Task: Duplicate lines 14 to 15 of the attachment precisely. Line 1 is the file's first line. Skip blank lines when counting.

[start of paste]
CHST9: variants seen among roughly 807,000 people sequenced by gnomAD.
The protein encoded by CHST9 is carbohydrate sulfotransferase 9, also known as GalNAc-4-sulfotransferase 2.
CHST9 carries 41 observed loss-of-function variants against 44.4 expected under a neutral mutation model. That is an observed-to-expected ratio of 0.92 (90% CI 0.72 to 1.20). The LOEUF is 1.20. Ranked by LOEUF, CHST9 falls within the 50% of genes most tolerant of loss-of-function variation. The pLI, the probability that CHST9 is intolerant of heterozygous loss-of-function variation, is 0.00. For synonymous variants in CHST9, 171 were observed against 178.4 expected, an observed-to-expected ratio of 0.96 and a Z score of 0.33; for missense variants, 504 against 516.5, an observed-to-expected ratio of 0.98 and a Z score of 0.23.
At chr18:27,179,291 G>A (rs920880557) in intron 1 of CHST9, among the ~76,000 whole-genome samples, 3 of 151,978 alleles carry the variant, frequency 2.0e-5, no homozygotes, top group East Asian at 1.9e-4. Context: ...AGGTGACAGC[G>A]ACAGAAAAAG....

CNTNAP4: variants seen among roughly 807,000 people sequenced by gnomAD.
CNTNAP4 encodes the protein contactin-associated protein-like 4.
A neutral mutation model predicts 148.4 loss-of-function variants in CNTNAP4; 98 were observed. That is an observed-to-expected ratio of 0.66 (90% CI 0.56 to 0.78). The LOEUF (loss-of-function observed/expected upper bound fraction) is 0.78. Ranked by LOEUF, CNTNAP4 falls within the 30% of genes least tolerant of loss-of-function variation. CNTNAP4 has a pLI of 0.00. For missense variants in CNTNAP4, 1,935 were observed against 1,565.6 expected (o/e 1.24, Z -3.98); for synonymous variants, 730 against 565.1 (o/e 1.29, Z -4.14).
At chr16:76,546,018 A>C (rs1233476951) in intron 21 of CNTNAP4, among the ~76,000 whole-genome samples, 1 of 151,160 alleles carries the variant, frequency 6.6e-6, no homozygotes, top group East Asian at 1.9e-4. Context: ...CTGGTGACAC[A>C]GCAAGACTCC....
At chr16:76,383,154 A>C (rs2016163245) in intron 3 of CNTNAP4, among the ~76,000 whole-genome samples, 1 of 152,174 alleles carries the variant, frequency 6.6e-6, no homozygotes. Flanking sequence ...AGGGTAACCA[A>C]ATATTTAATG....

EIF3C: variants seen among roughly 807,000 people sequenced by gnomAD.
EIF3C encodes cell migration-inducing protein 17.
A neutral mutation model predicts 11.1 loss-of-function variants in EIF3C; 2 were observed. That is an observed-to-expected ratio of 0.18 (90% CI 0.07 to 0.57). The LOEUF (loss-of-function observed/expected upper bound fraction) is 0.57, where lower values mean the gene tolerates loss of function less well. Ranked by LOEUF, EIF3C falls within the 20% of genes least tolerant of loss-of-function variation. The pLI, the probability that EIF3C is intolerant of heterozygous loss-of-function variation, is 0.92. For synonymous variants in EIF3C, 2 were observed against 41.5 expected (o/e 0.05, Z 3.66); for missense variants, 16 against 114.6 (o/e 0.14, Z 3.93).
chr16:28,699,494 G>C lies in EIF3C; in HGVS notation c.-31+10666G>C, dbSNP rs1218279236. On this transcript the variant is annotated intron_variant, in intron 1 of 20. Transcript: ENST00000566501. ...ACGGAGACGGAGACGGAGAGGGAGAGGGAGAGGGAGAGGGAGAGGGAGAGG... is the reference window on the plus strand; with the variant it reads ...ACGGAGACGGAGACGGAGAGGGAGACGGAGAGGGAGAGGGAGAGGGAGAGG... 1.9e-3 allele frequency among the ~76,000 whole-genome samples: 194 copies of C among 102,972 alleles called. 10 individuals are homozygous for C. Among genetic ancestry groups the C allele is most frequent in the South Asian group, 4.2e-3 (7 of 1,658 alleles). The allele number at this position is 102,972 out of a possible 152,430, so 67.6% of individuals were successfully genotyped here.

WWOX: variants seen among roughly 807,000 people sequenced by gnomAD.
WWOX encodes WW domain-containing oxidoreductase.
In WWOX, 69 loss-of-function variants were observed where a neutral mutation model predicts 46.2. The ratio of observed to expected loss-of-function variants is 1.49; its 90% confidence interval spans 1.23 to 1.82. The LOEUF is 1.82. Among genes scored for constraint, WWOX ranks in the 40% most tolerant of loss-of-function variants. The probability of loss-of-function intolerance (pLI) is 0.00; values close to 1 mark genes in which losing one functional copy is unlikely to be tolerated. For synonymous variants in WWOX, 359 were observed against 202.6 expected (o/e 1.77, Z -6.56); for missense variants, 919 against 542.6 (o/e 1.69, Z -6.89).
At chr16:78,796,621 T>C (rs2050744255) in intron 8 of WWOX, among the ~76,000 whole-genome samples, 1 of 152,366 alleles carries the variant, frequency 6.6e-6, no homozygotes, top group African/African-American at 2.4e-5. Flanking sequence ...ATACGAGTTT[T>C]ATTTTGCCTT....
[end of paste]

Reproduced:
WWOX: variants seen among roughly 807,000 people sequenced by gnomAD.
WWOX encodes WW domain-containing oxidoreductase.